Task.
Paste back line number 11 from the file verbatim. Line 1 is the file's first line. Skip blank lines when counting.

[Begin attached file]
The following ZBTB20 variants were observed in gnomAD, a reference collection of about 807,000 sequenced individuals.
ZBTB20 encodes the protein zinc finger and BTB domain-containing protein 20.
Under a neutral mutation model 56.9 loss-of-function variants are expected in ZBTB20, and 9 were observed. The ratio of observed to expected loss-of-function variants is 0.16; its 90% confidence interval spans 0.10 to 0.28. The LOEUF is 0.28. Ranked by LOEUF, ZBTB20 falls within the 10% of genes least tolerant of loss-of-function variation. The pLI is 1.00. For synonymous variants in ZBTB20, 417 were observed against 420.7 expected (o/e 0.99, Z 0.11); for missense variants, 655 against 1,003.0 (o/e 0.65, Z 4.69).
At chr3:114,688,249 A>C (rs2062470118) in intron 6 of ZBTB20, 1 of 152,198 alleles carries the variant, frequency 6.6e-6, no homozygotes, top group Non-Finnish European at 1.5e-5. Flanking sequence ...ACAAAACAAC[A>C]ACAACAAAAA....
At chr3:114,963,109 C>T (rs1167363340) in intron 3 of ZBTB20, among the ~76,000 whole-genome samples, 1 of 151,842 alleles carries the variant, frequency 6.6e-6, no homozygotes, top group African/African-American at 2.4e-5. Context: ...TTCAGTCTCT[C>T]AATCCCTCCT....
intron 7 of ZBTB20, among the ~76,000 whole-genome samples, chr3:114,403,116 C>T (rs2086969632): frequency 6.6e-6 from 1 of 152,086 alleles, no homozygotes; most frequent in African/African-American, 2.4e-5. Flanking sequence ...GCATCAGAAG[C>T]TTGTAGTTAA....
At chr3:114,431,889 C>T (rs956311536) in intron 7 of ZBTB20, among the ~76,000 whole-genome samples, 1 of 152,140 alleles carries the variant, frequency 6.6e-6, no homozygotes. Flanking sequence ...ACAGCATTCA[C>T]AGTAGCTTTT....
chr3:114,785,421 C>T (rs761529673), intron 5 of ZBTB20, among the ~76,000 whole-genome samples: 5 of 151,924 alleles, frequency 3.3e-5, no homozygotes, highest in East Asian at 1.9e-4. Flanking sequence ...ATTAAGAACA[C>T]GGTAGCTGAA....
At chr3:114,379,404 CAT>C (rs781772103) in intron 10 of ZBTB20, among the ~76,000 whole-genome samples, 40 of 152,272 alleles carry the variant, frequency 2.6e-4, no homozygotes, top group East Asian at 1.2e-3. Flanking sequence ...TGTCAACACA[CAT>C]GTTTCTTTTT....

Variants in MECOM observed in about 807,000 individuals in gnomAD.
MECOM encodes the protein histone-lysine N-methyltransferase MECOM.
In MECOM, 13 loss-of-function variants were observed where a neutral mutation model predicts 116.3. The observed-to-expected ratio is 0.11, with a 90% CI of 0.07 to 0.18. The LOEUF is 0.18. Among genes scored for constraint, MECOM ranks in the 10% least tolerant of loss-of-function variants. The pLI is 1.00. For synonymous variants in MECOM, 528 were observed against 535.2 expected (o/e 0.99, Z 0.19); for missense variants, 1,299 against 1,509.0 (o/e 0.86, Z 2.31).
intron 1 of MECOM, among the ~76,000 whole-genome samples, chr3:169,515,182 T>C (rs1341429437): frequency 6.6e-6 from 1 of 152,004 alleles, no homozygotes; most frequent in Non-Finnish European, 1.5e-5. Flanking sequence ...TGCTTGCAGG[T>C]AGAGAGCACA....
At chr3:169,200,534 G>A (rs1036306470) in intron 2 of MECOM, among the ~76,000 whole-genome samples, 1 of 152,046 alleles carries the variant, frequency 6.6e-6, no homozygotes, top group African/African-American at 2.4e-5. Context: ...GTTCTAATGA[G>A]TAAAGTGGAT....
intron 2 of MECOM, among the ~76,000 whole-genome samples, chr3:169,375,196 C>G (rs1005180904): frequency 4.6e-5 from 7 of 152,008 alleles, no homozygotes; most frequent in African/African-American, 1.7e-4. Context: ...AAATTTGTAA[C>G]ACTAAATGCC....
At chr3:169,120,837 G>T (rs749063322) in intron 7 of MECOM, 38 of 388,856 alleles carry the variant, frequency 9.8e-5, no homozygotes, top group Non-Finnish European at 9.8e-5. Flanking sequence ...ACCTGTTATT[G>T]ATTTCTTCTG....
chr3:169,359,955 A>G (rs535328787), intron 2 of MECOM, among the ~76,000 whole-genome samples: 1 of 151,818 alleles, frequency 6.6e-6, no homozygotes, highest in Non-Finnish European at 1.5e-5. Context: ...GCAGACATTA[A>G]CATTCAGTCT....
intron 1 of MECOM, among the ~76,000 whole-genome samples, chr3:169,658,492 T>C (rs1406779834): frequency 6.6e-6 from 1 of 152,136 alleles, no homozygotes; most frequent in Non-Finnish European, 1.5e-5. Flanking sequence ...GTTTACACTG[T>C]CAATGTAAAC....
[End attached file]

MECOM encodes the protein histone-lysine N-methyltransferase MECOM.